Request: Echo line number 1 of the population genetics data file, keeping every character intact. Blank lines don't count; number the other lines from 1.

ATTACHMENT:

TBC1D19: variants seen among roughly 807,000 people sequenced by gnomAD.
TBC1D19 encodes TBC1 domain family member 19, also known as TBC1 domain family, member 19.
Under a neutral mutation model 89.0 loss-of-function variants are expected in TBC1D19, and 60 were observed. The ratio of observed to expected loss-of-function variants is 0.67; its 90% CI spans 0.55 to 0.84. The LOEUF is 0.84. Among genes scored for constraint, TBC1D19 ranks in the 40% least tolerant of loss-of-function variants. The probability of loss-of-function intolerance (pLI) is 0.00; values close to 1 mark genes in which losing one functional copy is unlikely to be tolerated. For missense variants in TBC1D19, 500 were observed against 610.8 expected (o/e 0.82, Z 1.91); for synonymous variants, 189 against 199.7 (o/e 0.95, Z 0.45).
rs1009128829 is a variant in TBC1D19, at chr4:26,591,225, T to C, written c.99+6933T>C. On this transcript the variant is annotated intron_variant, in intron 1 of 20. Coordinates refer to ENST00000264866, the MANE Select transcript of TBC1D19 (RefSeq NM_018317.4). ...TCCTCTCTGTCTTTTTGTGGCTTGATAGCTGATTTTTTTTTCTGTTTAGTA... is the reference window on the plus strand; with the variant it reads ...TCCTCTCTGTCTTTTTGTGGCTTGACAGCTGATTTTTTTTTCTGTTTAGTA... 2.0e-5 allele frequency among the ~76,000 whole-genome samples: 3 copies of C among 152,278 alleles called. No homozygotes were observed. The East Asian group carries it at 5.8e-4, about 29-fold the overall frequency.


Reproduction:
TBC1D19: variants seen among roughly 807,000 people sequenced by gnomAD.